ESPN’s John Clayton notes that it probably isn't cost-effective for a team to issue a right of first refusal offer to a restricted free agent if he hasn't taken a significant amount of his team's snaps.

“For a player who is clearly a backup or special-teams player, it's almost better not to tender the player and then try to sign him for something close to the minimum,” Clayton wrote.

With that in mind, let’s look at the playing time of the Giants restricted free agents. 


NYG RFA 2014 Snap Count Percentages (Excluding Special Teams)
PlayerSnap % (2013)Snap % (Career)
LB Spencer Paysinger64.9%28.1%
LB Mark Herzlich17.8%14.0%
FB Henry Hynoski2.9%*27.8%
C Jim Cordle49.7%*19.1%
RB Da’Rel Scott14.3%*5.6%
* Spent part of 2013 on IR; Source: Pro Football Reference (subscription required)

For the sake of this argument, I'll use the 30 percent mark as a baseline and discuss exceptions where applicable.


Linebacker Spencer Paysinger

Paysinger is the one restricted free agent who I think will receive a right of first refusal tender. Each year, his snaps have increased, his defensive snap count jumping from 137 in 2012 to 707 in 2013 per Pro Football Focus (subscription required).  

Paysinger also started 10 games for the Giants in 2013, five as the middle linebacker in the nickel and five on the weak side. 


Center Jim Cordle

Although Cordle played close to 50 percent of the snaps in 2013, a knee injury cut short his season.  

Usually when a player is coming off a season-ending injury, the most common approach by a team is to try to sign him for a one-year minimum offer.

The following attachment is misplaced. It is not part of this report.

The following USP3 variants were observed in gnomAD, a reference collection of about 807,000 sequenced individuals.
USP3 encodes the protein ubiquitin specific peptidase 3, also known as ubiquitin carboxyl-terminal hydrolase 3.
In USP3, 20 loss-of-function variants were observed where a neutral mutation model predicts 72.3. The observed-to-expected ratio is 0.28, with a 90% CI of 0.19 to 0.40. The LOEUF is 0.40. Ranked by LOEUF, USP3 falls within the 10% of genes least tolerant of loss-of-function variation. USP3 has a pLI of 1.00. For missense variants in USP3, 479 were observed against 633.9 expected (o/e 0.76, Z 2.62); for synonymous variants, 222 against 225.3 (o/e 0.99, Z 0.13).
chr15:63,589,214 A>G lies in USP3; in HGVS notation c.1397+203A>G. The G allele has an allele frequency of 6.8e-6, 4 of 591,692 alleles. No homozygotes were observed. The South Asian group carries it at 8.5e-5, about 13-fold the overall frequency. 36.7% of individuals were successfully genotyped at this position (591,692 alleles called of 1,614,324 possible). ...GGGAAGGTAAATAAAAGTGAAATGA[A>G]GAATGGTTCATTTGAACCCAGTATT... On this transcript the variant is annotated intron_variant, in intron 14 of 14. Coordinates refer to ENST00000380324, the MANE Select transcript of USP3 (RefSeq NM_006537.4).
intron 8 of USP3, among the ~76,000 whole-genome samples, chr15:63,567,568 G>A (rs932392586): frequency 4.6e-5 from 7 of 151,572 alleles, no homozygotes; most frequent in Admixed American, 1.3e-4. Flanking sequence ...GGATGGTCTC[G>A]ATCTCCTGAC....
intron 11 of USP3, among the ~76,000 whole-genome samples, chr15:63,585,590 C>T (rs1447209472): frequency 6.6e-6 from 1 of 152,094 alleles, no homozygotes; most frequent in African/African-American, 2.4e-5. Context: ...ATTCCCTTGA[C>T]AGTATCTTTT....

That, in all likelihood, is going to be the course of action the Giants take with Cordle if he is in the team's plans.


Linebacker Mark Herzlich

An argument could be made that Herzlich’s inability to hold the starting middle linebacker job probably cost him a right of first refusal tender. However, he probably has a little more leverage than initially thought.

Besides performing well on special teams, where he finished as the team leader in tackles (14), also working in Herzlich’s favor is that Jon Beason is currently unsigned.

While Beason has on numerous occasions openly expressed a desire to return to the Giants, until it's done, Herzlich and his knowledge of the defense offers a backup plan if things don’t work out.   

An important thing to remember regarding restricted free-agent tenders is that they are not guaranteed. If a recipient of such a tender doesn’t make the 53-man roster, the team receives a full credit on the amount.

The team can also work to lower the tender, as it did last year with receiver Victor Cruz, if the player is in the long-term plans.